We, in Europe, have learned from the radical activity in the USA which had considerably broadened from opposition to the Vietnam War, racism and militarism, and so forth -- issues which marked the late '50s and '60s. The mass movements in the USA opposing the war and the NATO decision to deploy Pershing and Cruise Missiles in Western Europe had an impact on public opinion, public consciousness and even on some political leaders.

The strategies used for nonviolent struggle and civil disobedience by West European peace movements were very modest, in comparison to the democracy movements in Eastern Europe. In the West, the peace movement first went through a phase of massive mobilisation throughout various capitals in Europe, where once a year about 300,000 to 500,000 of us gathered together to demonstrate nonviolently -- but with very little creativity.

Some of us went on to participate in individual or collective civil disobedience actions in front of military bases and installations. The British Campaign for Nuclear Disarmament was in the forefront of mobilising people for such actions, including massive ´die-ins' and other forms of nonviolent protest. The women of Greenham Common were a hopeful sign of moving further with our civil disobedience.

In other areas of the world, such as New Zealand and Australia, we were seeing very powerful demonstrations for civil disobedience, and the concept of social defence was being included in the peace movement's platform.

However, in Germany, the debate was focused on getting rid of Pershing and Cruise Missiles. We also tried very hard to include the question of human rights in the platform of our different peace demonstrations. There were endless debates about whether or not to include Solidarnosc or whether or not to include the names of such people as Vaclav Havel or Barbel Böhley in the demands of the disarmament movement. For us it was clear that if we wanted to move to a nonviolent society, we must not only take up the issues of militarism and arms production and export, but also the question of human rights.

We tried to include the question of social defence as a goal of the peace movement, but this was very difficult. There were many internal debates within the movement as to how much military one should accept and what transitional steps are possible on the way to living without armies.

Not long after the Greens arrived in parliament in 1983, they began raising the issue of alternative forms of defence, including social defence. Those who attended the hearing within the Defence Committee or Green meetings on social defence, know how difficult it was to get a consensus.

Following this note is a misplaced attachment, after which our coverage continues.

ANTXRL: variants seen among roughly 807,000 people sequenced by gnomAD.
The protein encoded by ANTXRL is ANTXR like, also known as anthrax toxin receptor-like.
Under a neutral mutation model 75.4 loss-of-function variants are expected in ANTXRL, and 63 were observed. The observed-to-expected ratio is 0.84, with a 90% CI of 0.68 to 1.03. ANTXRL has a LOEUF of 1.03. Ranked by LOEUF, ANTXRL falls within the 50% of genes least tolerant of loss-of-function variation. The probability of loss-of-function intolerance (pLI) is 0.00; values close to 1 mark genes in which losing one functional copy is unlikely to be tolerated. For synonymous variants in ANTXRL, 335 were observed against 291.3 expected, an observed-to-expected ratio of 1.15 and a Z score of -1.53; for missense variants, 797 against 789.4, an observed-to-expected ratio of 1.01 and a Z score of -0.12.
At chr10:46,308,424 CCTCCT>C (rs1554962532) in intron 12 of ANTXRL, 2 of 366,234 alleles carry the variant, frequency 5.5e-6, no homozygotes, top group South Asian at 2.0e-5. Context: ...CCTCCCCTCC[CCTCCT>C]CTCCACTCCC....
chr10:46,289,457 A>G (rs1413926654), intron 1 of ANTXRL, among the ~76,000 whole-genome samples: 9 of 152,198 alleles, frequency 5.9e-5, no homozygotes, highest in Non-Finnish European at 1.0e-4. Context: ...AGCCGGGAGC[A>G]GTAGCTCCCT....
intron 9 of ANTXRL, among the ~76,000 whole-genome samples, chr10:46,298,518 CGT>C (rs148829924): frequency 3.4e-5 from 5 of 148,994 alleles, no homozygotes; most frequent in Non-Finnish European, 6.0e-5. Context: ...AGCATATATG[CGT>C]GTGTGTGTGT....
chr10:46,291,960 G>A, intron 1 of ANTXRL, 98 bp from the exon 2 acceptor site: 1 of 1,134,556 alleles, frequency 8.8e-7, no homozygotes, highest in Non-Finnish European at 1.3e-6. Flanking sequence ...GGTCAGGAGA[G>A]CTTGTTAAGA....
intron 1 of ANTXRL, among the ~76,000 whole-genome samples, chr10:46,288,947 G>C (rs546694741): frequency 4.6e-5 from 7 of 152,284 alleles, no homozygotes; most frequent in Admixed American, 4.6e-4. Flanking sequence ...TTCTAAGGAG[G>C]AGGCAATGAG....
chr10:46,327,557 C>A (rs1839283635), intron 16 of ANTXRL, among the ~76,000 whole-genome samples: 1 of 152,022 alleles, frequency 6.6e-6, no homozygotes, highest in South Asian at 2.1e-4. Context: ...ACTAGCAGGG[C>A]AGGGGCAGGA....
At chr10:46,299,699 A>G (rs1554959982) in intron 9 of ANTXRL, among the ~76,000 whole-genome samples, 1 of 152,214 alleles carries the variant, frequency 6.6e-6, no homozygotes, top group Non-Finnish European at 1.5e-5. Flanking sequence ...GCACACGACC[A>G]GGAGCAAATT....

Gene Sharp remained steadfast in his assertion that nonviolence is, above all, a practical strategy applicable to ordinary mortals and requires no special phase in a higher order of being. The theoretical and operative basis of civilian-based defence is the insight that power derives not from the barrel of a gun, as many people believe, but from the consent of the governed. We argued in the peace movement that civilian-based defence does not defend borders in the military sense we are accustomed to. The strength of nonviolent defence inheres in its capacity for ceaseless resistance, spoiling the spoils of war and depriving the aggressor of his anticipated fruits of victory.

There were, at this time, a few feasibility studies undertaken in Sweden, Denmark and Holland on social defence, but they always received funding at far below the requested amount. The German Greens, and a number of other alternative parties in European parliaments, endorsed a policy of social defence -- a nonviolent defence by the entire society -- to replace conventional armed defence. Even the French and Austrian Governments commissioned limited studies of the possible usefulness of nonviolent defence.

During the '80s, more women in the peace movement began demanding that violence against women -- psychological, physical and economic -- be recognised and stopped, and that social institutions be changed so that they no longer reflected a pattern of dominance and submission. These women were also in the forefront of demanding that social defence be included in the peace movement's aims. Women in the movement began encouraging a more humane and loving standard of behaviour instead of relationships steeped in aggression and competition. Nonetheless, peace movements across Europe became even more dominated by men, some of whom still believed in the more traditional way of gaining power.

Disarming particular weapons systems was the priority of the '80s, yet there was a tremendous amount of debating going on within the various peace movements. Not everyone was a whole-hearted supporter of pacifism or nonviolence or of saying "no" to all forms of military defence. Some of the war resisters in Western Europe even felt that it was right to take up a gun in Nicaragua to fight the Contras. We had many different direct action projects to try to halt the deployment of new weapons, to resist war taxes and to encourage conversion to a peacetime economy.